Employers added 255,000 jobs in July as the nation's unemployment rate remained at 4.9 percent, the Labor Department reported Friday.
The total number of unemployed, defined as people out of work but actively looking for it, remained unchanged at 7.8 million. The level has been essentially stuck at that rate for a year. The labor force participation rate did not budge from its rate of 62.8 percent reported last month.
Nevertheless, the jobs boost beat forecasters' predictions. The consensus of Bloomberg's survey of experts was that the payrolls would rise by 180,000.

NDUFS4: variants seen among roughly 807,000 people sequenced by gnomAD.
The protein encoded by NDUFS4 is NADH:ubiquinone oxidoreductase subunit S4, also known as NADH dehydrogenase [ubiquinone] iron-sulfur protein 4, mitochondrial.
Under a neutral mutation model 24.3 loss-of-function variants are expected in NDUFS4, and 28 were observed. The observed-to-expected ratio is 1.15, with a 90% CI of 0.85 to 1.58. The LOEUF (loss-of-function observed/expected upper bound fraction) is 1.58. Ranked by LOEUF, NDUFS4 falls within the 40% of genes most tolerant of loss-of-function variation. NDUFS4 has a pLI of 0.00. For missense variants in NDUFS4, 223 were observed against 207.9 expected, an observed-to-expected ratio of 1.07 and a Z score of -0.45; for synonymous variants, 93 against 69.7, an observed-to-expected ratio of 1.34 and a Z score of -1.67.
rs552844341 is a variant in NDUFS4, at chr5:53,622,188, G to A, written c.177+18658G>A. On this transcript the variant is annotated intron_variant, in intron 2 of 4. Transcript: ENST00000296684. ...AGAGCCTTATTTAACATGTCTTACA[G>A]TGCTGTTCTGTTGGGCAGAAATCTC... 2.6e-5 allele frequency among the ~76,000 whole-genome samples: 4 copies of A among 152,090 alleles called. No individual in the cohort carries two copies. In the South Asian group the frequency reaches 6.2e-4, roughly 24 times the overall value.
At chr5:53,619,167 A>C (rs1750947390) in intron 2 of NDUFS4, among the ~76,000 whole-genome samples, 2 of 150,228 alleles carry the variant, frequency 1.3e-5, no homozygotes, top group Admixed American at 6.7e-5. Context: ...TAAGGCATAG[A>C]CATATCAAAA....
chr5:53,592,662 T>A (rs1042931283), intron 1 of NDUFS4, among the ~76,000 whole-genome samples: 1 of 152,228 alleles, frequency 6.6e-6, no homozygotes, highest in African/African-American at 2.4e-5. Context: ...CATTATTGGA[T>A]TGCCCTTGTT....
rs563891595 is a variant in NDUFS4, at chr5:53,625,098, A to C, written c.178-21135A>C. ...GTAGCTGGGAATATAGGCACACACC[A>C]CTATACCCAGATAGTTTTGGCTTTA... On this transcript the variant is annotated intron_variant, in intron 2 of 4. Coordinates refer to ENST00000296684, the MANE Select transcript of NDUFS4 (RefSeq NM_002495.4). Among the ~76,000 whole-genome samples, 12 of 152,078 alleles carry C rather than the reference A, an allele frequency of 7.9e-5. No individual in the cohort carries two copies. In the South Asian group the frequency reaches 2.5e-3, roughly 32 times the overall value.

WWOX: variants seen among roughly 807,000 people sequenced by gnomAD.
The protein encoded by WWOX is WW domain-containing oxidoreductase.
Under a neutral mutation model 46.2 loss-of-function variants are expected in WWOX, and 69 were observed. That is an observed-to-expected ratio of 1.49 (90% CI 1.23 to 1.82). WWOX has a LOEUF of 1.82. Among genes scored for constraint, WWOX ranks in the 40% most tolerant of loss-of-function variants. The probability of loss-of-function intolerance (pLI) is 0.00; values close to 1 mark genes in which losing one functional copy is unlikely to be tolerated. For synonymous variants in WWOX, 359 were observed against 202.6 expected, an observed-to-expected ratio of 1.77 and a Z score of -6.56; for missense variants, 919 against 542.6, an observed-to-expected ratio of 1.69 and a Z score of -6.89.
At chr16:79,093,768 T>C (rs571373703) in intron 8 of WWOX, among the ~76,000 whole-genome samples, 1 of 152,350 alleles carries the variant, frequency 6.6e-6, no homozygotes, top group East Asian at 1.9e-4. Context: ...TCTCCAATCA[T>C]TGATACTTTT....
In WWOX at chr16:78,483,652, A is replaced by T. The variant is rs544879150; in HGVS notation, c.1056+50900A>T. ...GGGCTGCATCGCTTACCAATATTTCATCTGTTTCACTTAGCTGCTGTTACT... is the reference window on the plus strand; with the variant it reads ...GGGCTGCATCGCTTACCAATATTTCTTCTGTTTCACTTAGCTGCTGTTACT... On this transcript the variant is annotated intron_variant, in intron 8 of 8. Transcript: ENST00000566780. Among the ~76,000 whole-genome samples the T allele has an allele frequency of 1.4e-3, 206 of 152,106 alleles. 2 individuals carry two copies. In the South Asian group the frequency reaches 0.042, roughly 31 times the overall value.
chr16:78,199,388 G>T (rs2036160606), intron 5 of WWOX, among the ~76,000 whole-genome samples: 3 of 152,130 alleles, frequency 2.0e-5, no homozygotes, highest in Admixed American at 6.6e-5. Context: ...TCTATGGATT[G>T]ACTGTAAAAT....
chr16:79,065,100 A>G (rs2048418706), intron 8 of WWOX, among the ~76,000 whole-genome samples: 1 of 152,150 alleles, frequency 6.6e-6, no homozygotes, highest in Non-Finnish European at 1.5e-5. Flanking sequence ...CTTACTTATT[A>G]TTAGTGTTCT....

The department had reported earlier in the week that claims for state unemployment benefits had rose by 3,000 to a seasonally adjusted 269,000 for the last week in July, above analysts' predictions. That put claims below 300,000 for 74 consecutive weeks, the longest such streak in more than four decades.
The Bureau of Labor Statistics also revised the jobs numbers for May and June, adding 18,000 more jobs over the two months. In May, the increase was 24,000 jobs instead of 11,000, while the June boost was raised from 287,000 to 292,000.